Lola and Finn's Mum

Lola and Finn's Mum

Monday, 27 June 2011

It began with....

...this book. I may have possessed others initially but this was the one that began my interest in cooking. I think it was the pictures that jumped off the page at you, the scrumptious looking food, the passion with which the author Tamasin Day Lewis writes about food and taste and provenance. I was immediately hooked. With my better half as guinea pig, I attempted the glorious almond macaroon cake and Somerset apple cake, her version of Casa Moro's paella and from then have never looked back. He loved them. Alas, my copy is worn, splattered, dog eared and a survivor of other kitchen abuses, but my love for this cookbook has never been tempered by its increasingly dishevelled appearance. If you're in the market for a cookbook, I respectfully suggest this one...

I was inspired to go Greek. Not for the first time....

I am in training. I'll be off on my jollies in just over a month and even though I'm off to Cyprus and not Greece (let's say the language is the tenuous link I'm working with here) I was so inspired by a rare meal out with friends to make a Greek dish at home, and hopefully it'll be one that I will recreating in our villa in August. A normal person would want to be eating out every night, but I have bought a Cypriot cookbook and post it noted my Greek cookery books for potential meals to cook after a hard day by the pool/on the beach/on the sun lounger... Here is my first offering, with a nod to the Meditteranean Diet Cookbook and a little bit of ingenuity. Don't be put off by thinking that ouzo and children don't go together. Normally they don't, but the ouzo just gives an aniseedy taste which is neither overpowering or offensive. They're more likely to be offended by the olives and the feta, which is why they are totally optional.

January 2013 -  This post is part of the #FaveFamilyRecipes Competition with BritMums and Tilda Rice. Every pack sold will provide a meal to an expectant mum in need in support of the World Food Programme’s Mothers Helping Mothers initiative in Bangladesh.

Chicken with Ouzo and Tomatoes. Serves 4 - 6


3tbsp olive oil
Chicken pieces or breasts if you prefer (I used breasts, three in total and had lots of sauce. I would think this sauce would accommodate six pieces...)
sea salt and freshly ground pepper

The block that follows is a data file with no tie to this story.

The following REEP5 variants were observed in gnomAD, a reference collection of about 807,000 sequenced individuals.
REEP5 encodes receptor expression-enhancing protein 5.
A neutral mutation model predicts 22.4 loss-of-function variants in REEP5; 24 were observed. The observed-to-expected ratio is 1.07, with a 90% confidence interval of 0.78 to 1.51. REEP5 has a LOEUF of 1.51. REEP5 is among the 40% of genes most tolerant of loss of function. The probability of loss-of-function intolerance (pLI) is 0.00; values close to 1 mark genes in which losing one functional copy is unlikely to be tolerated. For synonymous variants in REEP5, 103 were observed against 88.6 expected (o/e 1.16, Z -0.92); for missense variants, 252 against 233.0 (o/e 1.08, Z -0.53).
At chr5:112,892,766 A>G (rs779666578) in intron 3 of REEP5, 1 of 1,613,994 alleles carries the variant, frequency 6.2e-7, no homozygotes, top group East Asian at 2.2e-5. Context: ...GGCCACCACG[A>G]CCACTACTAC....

7 garlic cloves, finely chopped
11/2 tsp of fennel seeds
2 cans of tinned tomatoes (I prefer chopped over plum for this...)
125ml approx chicken stock (I make it quite strong, using two bouillion cubes instead of one).
80ml ouzo or other aniseed liqueur
1 tbsp dried oregano
a small handful of olives (pitted) I used queen ones (optional)
a splosh of cream (optional - more if you like a richer sauce)
100g feta cheese, crumbled
chopped parsley to garnish

Heat oil in large saucepan/frying pan on a medium to high heat. Season chicken and add to the pan. Brown on both sides then remove to a plate.

Pour some of the oil away, leaving the chicken residue in the pan with some oil.

Add the chopped garlic and fennel seeds and fry for 30 seconds or until fragrant.

Add tomatoes, stock, ouzo and oregano to the garlic and fennel seeds, Stir to combine. Bring to the boil, stirring occasionally then lower the temperature to a simmer.

Return chicken to the pan. Simmer for 15 minutes, turning the chicken pieces over occasionally to ensure even cooking (If you are using breasts then you will not need to simmer for as long).

Remove the chicken from the pan and keep warm.

Add olives to the sauce, if using, and boil the sauce over a high heat, stirring frequently. It will take about five minutes or so to thicken.

Add cream to your taste and adjust seasoning.

Serve chicken with the sauce on warm plates, with greek potatoes and a green vegetable (green beans = delish!) and some suitably Medittereanean bread if you are of a mind to. Sprinkle the finish dish with the crumbled feta and chopped parsley.

I chose to serve this potatoes, but steamed rice or orzo pasta would be excellent too! Enjoy!

Greek potatoes - my version.

I use red skinned potatoes or baking spuds, usually 3 big ones. I cut them into wedges and put them in a baking tin/tray. I add about 100ml of olive oil, 100ml of water, the juice of 1 lemon, 1tsp of thyme, 1tsp of oregano and plenty of salt and pepper. Then I add four of five cloves of garlic, roughly chopped. Then I get my hands in and mush it all together. Finally I throw the squeezed lemon halves in and put it in the oven, quite a high temperature, say 400F. Usually they take about half an hour and are ready when a knife pierces them easily and they are starting to colour on the sharp edges.


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